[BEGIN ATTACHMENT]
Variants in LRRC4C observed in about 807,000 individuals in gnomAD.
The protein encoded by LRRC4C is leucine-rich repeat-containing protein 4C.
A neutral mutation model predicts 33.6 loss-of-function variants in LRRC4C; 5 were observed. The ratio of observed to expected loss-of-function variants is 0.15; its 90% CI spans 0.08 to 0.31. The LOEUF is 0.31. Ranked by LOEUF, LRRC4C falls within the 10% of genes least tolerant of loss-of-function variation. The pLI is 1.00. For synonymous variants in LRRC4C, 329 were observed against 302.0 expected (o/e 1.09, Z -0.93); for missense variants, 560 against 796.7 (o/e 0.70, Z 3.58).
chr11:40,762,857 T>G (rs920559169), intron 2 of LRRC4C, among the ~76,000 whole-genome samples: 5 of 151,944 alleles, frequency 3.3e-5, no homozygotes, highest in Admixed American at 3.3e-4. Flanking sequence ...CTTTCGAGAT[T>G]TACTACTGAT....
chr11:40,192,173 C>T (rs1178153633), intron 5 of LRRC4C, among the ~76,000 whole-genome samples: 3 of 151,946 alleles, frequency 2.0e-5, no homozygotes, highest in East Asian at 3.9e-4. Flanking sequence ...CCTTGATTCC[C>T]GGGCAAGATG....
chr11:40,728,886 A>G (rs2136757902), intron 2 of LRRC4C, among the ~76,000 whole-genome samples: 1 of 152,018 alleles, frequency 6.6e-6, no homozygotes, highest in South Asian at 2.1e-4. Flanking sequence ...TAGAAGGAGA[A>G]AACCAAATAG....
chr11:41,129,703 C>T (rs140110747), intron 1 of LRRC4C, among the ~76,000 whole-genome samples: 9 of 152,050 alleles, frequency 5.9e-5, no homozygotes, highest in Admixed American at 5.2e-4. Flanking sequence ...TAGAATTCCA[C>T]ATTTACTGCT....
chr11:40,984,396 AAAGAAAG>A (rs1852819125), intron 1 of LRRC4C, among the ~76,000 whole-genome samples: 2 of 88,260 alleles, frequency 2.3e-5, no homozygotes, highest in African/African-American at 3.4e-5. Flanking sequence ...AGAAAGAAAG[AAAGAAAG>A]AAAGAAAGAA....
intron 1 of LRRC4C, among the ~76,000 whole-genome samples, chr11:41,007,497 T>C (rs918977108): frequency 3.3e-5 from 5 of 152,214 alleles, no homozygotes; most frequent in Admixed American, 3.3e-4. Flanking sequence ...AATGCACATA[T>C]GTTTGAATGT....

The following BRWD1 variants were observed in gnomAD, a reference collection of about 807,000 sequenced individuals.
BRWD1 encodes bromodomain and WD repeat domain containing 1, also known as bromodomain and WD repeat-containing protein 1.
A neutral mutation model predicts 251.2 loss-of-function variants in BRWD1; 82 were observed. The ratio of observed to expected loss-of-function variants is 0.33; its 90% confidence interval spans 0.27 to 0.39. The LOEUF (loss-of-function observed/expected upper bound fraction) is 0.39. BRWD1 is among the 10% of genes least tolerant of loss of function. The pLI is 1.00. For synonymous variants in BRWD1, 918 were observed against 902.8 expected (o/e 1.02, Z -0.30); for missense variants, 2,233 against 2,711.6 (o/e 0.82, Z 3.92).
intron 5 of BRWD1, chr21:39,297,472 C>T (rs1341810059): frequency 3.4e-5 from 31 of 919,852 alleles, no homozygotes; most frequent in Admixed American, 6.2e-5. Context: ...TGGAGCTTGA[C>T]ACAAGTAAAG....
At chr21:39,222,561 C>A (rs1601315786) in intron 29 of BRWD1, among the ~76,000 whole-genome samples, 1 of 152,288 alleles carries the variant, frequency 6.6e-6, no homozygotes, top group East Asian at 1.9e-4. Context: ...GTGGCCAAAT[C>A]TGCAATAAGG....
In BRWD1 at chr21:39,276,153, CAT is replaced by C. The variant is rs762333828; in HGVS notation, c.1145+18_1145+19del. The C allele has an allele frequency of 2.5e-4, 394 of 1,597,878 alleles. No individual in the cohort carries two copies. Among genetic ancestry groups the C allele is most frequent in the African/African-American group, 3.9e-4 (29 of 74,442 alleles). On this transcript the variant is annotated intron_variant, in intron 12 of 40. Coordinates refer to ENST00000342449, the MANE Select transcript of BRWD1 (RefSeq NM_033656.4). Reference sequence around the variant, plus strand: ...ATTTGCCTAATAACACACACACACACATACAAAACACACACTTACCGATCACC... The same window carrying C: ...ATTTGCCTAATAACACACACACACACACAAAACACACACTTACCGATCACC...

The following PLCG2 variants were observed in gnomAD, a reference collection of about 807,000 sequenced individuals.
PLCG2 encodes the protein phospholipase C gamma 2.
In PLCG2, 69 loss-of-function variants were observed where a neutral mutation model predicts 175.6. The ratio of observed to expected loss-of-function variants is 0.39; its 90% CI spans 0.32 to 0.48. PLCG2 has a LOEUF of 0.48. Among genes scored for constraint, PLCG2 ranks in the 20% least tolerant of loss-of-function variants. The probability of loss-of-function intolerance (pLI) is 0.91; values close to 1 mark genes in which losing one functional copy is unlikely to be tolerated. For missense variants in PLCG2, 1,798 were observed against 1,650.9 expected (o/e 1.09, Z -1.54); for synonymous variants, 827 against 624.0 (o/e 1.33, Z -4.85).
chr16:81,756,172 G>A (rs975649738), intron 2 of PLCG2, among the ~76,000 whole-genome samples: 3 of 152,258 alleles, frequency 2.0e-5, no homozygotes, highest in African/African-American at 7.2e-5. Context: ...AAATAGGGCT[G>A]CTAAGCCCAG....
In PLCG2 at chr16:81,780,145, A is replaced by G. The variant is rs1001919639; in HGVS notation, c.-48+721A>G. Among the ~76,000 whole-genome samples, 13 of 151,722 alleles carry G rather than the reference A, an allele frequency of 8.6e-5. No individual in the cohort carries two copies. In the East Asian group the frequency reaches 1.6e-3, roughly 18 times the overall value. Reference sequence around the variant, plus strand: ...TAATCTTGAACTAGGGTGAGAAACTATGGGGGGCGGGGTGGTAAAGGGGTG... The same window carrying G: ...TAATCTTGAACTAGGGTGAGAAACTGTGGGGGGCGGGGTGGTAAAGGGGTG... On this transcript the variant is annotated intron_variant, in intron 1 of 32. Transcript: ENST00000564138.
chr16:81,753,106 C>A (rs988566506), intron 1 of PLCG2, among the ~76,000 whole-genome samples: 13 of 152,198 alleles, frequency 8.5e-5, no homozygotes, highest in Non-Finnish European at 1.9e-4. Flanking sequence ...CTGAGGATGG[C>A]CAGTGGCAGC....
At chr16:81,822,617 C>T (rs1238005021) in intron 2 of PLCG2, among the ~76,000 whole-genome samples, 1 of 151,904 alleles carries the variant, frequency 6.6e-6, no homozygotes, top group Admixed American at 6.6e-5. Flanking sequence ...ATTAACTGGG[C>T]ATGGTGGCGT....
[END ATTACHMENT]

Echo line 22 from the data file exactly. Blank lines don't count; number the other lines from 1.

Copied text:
At chr16:81,822,617 C>T (rs1238005021) in intron 2 of PLCG2, among the ~76,000 whole-genome samples, 1 of 151,904 alleles carries the variant, frequency 6.6e-6, no homozygotes, top group Admixed American at 6.6e-5. Flanking sequence ...ATTAACTGGG[C>T]ATGGTGGCGT....